Lawrence “The Legend” Bogart, wearing his signature shades, green blazer and brown leather beret, sat in a corner playing mellow jazz on a baritone saxophone accompanied by a piano and stand-up bass.  Sometimes there were more and sometimes Larry played alone. Entertainment at Dante’s was casual. Musicians dropped in and jammed open-mic style. They played for tips, but mostly for fun. Music was always light-hearted and easy to listen to. And the volume was low enough to allow conversation. The pair made themselves comfortable in an out-of-the-way booth. Penny ordered a double-tall caramel macchiato with soy, but Hubert just wanted a twelve-ounce drip coffee. His order was a waste of a good barista’s talent.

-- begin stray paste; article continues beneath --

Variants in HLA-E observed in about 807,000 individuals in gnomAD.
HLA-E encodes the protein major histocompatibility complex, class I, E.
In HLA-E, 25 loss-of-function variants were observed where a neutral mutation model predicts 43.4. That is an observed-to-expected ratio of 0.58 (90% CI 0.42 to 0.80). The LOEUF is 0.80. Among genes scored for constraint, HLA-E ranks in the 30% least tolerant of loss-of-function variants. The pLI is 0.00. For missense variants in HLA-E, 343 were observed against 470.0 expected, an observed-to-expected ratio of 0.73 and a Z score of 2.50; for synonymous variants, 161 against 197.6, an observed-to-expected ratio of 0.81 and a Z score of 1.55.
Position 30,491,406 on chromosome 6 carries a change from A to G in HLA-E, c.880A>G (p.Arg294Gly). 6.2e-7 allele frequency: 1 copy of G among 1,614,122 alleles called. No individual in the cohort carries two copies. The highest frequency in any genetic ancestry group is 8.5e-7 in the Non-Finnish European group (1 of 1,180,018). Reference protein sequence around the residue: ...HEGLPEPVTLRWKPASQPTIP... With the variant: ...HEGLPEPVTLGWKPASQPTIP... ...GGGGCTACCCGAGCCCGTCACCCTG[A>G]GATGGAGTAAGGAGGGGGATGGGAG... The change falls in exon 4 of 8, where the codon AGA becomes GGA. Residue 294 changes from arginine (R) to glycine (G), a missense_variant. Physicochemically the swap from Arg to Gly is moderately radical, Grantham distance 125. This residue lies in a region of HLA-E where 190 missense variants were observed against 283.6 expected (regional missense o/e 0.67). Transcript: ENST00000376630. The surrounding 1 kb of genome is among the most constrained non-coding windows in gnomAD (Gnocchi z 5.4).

The important business of ordering drinks out of the way, they settled in and spread the papers out on the table. Conscious of the fact that they were dealing with sensitive material, quite likely classified, the two paid close attention to the people around them while at the same time trying not to look paranoid. This was, after all, a student hangout where papers were often spread on the tables with students in lively discussion about their content.  Hubert and Penny didn’t attract attention by their behaviour although Penny seemed to get noticed wherever she went and that annoyed her. When Harold Weisfenning, a weird kind of guy who fancied himself God’s gift to women, looked her way with obvious amorous intent she did everything she could to avoid eye contact. Harold didn’t seem to recognize the snub. Or, perhaps, he was motivated by a challenge and couldn’t let it pass. He started walking toward their booth.